More than 20 years ago, I was asked to write a curriculum for a course in international business in an MBA program. For the first time in my life, I needed to come up with learning objectives. I listed the books the students would be reading, my lecture topics, assignments, and a grading scale. Those of you who know learning objectives like the back of your hand are smiling right now. I missed the mark by a mile.
A very kind curriculum expert at the university offered to help. She told me, “A learning objective is not a list of the material or content or topics to be covered. It isn’t about the delivery system. It isn’t actually about you as the professor.”
As I listened carefully, she continued, “A learning objective is about the learner. There are some key questions that well-defined learning objectives will answer. What do you want to change in the learner? What will success look like? Will the objective be definitive, achievable, and measurable?”
I had a question. “How will I know I’m writing them correctly?”
She said, “Let’s look at it from a different angle. Let me explain what an incorrect learning objective looks like. You’ll know they’re incorrect if the objectives are too broad to develop measurables for, or so vague no specific outcomes can be called out.” Smiling, she said, “Oh yeah, you’ll also know if you end up describing the instruction and not the outcome. Outcomes can be reached by a variety of instructional strategies, defining the outcome is what is critical.”
Our team at Inno-Versity has spent a lot of time helping corporations, non-profits and higher education institutions around the world get clarity on their learning objectives. We’ve found that it is most beneficial to think about 3 pillars that are the foundation of learning objectives. We call them KNOW/DO/BELIEVE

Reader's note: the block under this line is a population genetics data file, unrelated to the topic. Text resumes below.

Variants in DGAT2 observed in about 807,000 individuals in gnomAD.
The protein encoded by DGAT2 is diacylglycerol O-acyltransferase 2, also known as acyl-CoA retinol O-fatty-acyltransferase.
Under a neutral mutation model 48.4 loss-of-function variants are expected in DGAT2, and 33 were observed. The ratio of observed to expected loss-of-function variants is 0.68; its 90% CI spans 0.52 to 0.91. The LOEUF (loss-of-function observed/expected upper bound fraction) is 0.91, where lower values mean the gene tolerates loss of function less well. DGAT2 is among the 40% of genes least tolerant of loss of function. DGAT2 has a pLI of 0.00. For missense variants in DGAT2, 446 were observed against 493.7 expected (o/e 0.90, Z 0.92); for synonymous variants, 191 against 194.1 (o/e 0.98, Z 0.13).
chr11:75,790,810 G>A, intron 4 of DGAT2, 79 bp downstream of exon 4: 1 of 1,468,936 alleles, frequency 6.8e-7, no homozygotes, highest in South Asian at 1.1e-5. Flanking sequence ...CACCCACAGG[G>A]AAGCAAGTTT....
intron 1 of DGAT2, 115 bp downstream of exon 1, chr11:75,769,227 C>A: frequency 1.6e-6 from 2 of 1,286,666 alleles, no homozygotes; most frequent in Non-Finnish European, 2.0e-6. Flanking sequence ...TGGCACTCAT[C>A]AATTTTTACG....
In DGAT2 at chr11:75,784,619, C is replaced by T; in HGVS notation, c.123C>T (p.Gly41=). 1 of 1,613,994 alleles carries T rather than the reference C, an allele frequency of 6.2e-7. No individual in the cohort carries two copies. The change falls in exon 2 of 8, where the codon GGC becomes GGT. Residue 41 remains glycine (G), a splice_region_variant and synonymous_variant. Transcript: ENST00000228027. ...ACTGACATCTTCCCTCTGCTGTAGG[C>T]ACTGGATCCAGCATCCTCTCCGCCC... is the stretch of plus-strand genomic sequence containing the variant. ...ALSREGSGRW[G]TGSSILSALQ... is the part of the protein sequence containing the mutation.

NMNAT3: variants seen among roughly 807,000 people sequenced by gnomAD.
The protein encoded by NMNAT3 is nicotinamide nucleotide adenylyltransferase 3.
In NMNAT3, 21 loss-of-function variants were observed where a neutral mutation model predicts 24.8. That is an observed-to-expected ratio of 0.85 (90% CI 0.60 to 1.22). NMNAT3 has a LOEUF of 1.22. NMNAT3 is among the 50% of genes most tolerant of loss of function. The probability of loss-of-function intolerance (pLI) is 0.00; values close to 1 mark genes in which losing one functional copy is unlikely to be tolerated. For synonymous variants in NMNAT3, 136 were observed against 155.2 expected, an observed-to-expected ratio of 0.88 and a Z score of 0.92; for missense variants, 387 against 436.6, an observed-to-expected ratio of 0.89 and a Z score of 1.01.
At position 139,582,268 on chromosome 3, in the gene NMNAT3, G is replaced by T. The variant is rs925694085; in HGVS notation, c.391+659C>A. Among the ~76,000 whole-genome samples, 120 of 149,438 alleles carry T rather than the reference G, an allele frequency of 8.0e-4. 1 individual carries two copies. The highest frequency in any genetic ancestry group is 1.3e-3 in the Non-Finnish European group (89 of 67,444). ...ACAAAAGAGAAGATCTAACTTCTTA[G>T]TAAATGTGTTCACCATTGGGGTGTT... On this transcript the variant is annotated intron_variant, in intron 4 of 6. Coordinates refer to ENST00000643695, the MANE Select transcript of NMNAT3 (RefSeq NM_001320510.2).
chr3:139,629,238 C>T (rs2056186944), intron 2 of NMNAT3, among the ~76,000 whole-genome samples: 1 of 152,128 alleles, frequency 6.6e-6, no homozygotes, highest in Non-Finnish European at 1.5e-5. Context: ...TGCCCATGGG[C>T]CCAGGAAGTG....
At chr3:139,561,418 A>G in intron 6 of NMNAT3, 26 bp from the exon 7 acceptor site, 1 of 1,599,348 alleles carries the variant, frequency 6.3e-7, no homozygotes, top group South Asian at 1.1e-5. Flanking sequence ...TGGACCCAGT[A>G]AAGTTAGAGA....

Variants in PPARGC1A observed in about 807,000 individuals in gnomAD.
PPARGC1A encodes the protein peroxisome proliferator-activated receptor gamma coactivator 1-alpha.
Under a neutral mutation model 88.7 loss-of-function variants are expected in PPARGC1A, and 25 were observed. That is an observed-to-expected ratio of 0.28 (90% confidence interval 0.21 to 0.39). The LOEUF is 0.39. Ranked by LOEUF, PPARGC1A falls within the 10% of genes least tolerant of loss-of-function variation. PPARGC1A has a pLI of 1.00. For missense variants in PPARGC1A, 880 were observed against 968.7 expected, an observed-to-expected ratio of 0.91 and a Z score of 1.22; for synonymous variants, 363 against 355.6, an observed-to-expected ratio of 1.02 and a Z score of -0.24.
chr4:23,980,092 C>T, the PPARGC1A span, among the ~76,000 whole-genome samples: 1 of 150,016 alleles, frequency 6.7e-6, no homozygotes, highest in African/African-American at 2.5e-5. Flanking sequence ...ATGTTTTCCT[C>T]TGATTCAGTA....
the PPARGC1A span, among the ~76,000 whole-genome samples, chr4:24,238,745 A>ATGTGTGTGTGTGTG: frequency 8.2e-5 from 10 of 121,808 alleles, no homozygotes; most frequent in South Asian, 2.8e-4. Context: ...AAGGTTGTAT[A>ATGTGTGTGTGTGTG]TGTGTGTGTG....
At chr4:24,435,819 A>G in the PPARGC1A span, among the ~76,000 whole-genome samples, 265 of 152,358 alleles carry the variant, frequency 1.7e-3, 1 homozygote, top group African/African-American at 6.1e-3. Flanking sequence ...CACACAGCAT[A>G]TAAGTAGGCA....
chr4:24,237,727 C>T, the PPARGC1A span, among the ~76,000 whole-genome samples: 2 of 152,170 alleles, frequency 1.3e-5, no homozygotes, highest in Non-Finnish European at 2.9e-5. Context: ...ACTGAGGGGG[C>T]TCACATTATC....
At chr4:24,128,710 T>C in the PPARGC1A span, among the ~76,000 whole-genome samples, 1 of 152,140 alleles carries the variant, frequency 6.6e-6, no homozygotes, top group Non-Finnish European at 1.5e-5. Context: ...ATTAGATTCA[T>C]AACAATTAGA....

The main idea is that learning objectives will primarily fit into one of these three pillars. Before we get into why this is helpful, let’s begin with definitions:
Learning experiences built on the KNOW pillar focus on increasing the learners knowledge. Some key components of KNOW learning experiences are information, facts, theory, and connectivity. Learners should increase their comprehension, understanding, recognition and ability to classify. The key question is “What should the learner KNOW at the end of the learning experience?”
The goal of a learning experience built on the DO pillar is to increase learners’ skills. These might be new skills or they might be enhancing skills already possessed. Some key concepts of the DO learning experience are operate, practice, and use. Learners should increase their ability to solve, fix, apply, create, and demonstrate. The key question is “What should the learner be able to DO at the end of the learning experience?”
The goal of the learning experience in BELIEVE is to increase the learners’ embrace of goals, attitudes, or culture.. Some key concepts of BELIEVE are value, attitude, mindset, perspective, and priority. The learner should be able to commit to and embrace a set of values, goals or objectives. The key question is “What should the learner BELIEVE at the end of the learning experience?”
Why are these three pillars helpful?